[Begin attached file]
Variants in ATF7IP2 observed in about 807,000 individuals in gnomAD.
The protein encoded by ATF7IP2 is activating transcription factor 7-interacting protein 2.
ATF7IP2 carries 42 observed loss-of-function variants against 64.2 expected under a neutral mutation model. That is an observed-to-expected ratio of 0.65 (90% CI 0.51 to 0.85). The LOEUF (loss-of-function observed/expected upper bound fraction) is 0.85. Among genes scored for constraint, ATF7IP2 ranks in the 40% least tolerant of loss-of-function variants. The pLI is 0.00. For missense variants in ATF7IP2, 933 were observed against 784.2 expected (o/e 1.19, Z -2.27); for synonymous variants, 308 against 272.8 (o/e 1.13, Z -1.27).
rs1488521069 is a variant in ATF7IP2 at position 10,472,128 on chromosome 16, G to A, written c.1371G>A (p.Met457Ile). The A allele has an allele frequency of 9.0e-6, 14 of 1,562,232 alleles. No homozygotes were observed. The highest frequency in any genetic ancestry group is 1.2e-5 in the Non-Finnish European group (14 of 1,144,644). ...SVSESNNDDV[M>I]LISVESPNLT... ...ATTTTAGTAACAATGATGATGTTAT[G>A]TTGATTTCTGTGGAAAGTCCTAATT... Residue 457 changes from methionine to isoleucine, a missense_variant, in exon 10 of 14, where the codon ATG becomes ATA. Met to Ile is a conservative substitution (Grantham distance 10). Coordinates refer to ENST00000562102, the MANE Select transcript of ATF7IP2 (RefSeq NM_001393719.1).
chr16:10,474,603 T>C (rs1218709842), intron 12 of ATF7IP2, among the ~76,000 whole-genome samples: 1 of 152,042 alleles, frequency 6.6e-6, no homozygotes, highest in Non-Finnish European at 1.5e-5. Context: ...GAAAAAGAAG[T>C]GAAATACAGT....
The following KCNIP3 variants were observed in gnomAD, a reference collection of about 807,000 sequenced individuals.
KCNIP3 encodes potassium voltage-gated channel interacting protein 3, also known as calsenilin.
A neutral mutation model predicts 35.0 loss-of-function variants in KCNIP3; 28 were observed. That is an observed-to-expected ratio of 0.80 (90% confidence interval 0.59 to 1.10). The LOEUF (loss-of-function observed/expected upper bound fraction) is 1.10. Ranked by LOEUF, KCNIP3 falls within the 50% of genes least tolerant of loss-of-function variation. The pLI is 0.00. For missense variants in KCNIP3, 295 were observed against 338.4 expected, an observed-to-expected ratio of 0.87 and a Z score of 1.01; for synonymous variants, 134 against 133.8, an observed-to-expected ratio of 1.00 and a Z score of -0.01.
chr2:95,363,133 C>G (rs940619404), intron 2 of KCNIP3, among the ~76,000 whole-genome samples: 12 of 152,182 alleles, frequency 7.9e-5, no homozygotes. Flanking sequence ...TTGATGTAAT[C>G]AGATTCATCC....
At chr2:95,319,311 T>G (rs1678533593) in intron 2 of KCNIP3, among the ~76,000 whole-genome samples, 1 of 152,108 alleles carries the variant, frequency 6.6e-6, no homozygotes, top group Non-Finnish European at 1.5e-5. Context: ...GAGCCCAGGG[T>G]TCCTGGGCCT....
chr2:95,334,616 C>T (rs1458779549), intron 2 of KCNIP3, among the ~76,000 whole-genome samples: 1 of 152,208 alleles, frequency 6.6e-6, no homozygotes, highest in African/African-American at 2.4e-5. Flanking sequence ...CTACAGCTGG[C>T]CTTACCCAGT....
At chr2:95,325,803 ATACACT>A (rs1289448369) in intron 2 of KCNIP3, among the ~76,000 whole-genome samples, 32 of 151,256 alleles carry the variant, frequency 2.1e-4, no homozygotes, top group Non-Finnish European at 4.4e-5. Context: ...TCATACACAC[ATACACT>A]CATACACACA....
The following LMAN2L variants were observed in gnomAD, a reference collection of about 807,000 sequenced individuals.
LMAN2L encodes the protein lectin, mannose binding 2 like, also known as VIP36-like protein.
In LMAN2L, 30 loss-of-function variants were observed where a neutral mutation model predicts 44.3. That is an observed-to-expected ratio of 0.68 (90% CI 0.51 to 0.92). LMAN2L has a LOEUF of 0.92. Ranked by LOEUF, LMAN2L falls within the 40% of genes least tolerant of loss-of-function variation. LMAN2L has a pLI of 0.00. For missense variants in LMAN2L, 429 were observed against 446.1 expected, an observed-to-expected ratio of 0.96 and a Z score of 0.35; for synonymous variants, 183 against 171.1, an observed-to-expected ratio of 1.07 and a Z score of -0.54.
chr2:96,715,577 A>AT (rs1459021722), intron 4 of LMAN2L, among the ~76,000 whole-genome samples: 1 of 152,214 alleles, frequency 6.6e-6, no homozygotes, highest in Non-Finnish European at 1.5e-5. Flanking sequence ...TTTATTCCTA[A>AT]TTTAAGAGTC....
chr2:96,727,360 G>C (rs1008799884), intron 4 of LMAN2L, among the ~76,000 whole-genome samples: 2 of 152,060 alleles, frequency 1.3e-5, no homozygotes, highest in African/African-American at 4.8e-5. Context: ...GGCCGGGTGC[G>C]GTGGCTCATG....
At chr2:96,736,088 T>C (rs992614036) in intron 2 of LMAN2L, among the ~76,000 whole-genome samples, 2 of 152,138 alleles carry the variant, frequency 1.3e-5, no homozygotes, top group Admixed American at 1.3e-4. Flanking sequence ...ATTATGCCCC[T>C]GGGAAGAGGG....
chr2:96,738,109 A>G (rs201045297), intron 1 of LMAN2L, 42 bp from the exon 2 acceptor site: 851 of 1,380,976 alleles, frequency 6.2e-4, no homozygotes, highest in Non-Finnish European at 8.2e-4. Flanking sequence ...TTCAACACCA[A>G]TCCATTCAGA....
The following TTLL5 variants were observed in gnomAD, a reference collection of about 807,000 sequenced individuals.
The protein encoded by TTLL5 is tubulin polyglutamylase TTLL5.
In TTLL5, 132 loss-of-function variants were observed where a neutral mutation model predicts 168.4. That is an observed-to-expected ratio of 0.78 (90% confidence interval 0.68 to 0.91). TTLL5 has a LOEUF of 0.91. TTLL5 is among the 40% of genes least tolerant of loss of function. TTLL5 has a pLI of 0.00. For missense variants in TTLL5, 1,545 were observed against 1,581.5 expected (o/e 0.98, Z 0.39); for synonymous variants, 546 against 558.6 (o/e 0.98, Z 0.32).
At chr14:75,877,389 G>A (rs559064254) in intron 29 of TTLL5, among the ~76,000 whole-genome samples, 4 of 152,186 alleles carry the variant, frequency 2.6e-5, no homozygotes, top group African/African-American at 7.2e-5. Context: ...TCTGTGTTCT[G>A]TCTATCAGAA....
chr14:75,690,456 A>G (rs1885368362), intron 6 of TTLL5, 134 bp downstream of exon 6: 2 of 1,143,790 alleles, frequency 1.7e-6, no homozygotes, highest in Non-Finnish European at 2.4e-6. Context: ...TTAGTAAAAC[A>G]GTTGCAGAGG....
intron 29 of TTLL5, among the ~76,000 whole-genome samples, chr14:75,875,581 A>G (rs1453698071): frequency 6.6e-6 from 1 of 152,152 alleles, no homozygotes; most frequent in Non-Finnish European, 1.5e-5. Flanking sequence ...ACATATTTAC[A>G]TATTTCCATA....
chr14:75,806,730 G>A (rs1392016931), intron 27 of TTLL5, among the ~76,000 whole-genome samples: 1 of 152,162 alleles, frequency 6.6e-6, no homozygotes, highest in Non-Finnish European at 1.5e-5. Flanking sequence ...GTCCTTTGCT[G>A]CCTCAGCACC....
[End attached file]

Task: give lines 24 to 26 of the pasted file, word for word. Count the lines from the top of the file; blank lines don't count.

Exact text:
chr14:75,690,456 A>G (rs1885368362), intron 6 of TTLL5, 134 bp downstream of exon 6: 2 of 1,143,790 alleles, frequency 1.7e-6, no homozygotes, highest in Non-Finnish European at 2.4e-6. Context: ...TTAGTAAAAC[A>G]GTTGCAGAGG....
intron 29 of TTLL5, among the ~76,000 whole-genome samples, chr14:75,875,581 A>G (rs1453698071): frequency 6.6e-6 from 1 of 152,152 alleles, no homozygotes; most frequent in Non-Finnish European, 1.5e-5. Flanking sequence ...ACATATTTAC[A>G]TATTTCCATA....
chr14:75,806,730 G>A (rs1392016931), intron 27 of TTLL5, among the ~76,000 whole-genome samples: 1 of 152,162 alleles, frequency 6.6e-6, no homozygotes, highest in Non-Finnish European at 1.5e-5. Flanking sequence ...GTCCTTTGCT[G>A]CCTCAGCACC....